Students transition through, not just into, university

There's a lot of focus on smoothing the transition into university - but what about how students make it through their experience? David Woolley and Jon Down describe the journey

David Woolley is Director of Student and Community Engagement at Nottingham Trent University (NTU)

Jon Down is Director of Development at Grit Breakthrough Programmes

When the Princess of Wales visited NTU back in the autumn, she participated in a new starter “Welcome Workshop.”

Co-designed and co-delivered with student mentors – and using the Grit approach – these sessions encourage new students to share experiences and expectations, to build confidence, proactively manage their wellbeing and raise awareness of the wide range of support networks available to them.

And it was in the workshop that we found out how Kate began her journey from undergrad to future Queen, took up photography at university and found the community and “sense of belonging” that John Blake recently noted as being relevant to many elements of the OfS Equality of Opportunity Register.

Welcome Workshops are a central part of NTU’s programme of co-curricular events for new students. This programme supports students’ physical, emotional, and academic transition into university.

Transition plays an important part in shaping overall outcomes, particularly for students from under-represented backgrounds who have often described new educational spaces as alien and hostile. Transition is the starting point in developing so many of the needs that student success is built upon.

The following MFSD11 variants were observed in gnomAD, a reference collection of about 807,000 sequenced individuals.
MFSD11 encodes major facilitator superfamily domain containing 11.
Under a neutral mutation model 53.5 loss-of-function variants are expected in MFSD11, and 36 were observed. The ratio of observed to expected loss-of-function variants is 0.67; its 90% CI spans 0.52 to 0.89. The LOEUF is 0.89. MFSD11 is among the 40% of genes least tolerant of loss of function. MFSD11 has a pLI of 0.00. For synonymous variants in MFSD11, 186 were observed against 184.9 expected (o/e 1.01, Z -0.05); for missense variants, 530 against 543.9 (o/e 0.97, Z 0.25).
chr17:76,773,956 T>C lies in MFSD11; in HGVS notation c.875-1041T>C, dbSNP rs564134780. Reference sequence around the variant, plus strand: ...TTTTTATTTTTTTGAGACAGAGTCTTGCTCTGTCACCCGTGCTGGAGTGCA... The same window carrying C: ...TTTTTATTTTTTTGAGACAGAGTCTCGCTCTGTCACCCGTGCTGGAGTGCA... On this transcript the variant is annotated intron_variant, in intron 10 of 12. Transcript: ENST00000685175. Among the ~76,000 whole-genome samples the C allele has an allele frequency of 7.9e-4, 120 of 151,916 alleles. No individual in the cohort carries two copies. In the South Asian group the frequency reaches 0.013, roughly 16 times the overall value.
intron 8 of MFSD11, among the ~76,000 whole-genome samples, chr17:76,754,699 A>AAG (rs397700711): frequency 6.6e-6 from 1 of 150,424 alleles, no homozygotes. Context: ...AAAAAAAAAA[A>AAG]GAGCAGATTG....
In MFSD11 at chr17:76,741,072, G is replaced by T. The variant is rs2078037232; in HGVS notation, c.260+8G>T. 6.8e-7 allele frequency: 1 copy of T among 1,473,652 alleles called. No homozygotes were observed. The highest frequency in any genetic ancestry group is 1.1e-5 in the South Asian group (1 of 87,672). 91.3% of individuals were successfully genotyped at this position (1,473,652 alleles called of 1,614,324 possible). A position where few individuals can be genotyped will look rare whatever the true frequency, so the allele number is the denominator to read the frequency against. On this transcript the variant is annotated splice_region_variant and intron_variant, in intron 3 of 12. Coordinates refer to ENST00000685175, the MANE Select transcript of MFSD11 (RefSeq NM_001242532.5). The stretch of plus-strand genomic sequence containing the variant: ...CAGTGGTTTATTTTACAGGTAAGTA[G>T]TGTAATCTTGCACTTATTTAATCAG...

Welcome one, welcome all

Transitions are important – but designing an effective transition programme is a challenge, particularly for today’s more diverse cohort.

There are new types of student with very different lived experiences and very different expectations about what they want out of their relationship with university.

  • For student parents belonging may be about family, the relationship with university more akin to the workplace
  • For commuter students it can be a negotiation around the benefits and losses of travelling for several hours a day, operating on a timetable removed from the majority of their fellow students
  • First in family students may have no concrete expectations, others entirely focused on being part of discrete networks as they take the first steps along a well-trodden professional career path
  • For students of colour it might be the quest for an identity and their place in a predominantly white space.

But life in a 21st century university is, more often than not, predicated on systems and processes designed for the late 20th century. Institutions are organised around the campus, rooted in the assumption of a smaller, compact population, or the hall of residence model, both of which make building social connection more straightforward.

This traditional, one size fits all model of transition is never going to work for the diverse student body of the mid-21st century. Questions of “transition from what” and “transition to what?” will have a myriad of answers and notions of belonging are no longer uniform.

So how do we address this? It might be tempting to create a transition programme for every agenda, each student demographic but, given the complex web of intersectionalities, students will quickly become overwhelmed with the amount of stuff they have to do – and this before we add service children, young carers, prisoners and Jewish students to the OfS Risk Register. The resource demand on universities would be unsustainable.

The student mentor

One approach to this has been described both by Wonkhe’s Jim Dickinson and Livia Scott from their tours of Europe.